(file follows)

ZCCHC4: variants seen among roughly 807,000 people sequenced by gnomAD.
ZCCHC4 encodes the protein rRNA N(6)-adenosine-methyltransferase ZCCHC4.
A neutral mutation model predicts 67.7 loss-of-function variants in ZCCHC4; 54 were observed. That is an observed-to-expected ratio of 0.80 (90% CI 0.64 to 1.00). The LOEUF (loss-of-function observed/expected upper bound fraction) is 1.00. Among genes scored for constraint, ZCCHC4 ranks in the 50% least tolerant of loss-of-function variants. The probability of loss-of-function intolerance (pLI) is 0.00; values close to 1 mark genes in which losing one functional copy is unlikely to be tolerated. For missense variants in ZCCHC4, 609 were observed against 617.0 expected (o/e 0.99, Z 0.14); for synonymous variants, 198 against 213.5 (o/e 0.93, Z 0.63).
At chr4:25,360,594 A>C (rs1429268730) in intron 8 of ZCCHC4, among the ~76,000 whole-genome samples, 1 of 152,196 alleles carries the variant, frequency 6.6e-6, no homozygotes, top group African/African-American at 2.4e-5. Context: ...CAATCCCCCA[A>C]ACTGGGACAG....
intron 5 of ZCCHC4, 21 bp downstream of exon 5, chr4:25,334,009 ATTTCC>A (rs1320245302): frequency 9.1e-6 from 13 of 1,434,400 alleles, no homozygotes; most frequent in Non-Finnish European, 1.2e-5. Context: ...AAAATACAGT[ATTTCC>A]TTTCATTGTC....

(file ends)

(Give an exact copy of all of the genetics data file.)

ZCCHC4: variants seen among roughly 807,000 people sequenced by gnomAD.
ZCCHC4 encodes the protein rRNA N(6)-adenosine-methyltransferase ZCCHC4.
A neutral mutation model predicts 67.7 loss-of-function variants in ZCCHC4; 54 were observed. That is an observed-to-expected ratio of 0.80 (90% CI 0.64 to 1.00). The LOEUF (loss-of-function observed/expected upper bound fraction) is 1.00. Among genes scored for constraint, ZCCHC4 ranks in the 50% least tolerant of loss-of-function variants. The probability of loss-of-function intolerance (pLI) is 0.00; values close to 1 mark genes in which losing one functional copy is unlikely to be tolerated. For missense variants in ZCCHC4, 609 were observed against 617.0 expected (o/e 0.99, Z 0.14); for synonymous variants, 198 against 213.5 (o/e 0.93, Z 0.63).
At chr4:25,360,594 A>C (rs1429268730) in intron 8 of ZCCHC4, among the ~76,000 whole-genome samples, 1 of 152,196 alleles carries the variant, frequency 6.6e-6, no homozygotes, top group African/African-American at 2.4e-5. Context: ...CAATCCCCCA[A>C]ACTGGGACAG....
intron 5 of ZCCHC4, 21 bp downstream of exon 5, chr4:25,334,009 ATTTCC>A (rs1320245302): frequency 9.1e-6 from 13 of 1,434,400 alleles, no homozygotes; most frequent in Non-Finnish European, 1.2e-5. Context: ...AAAATACAGT[ATTTCC>A]TTTCATTGTC....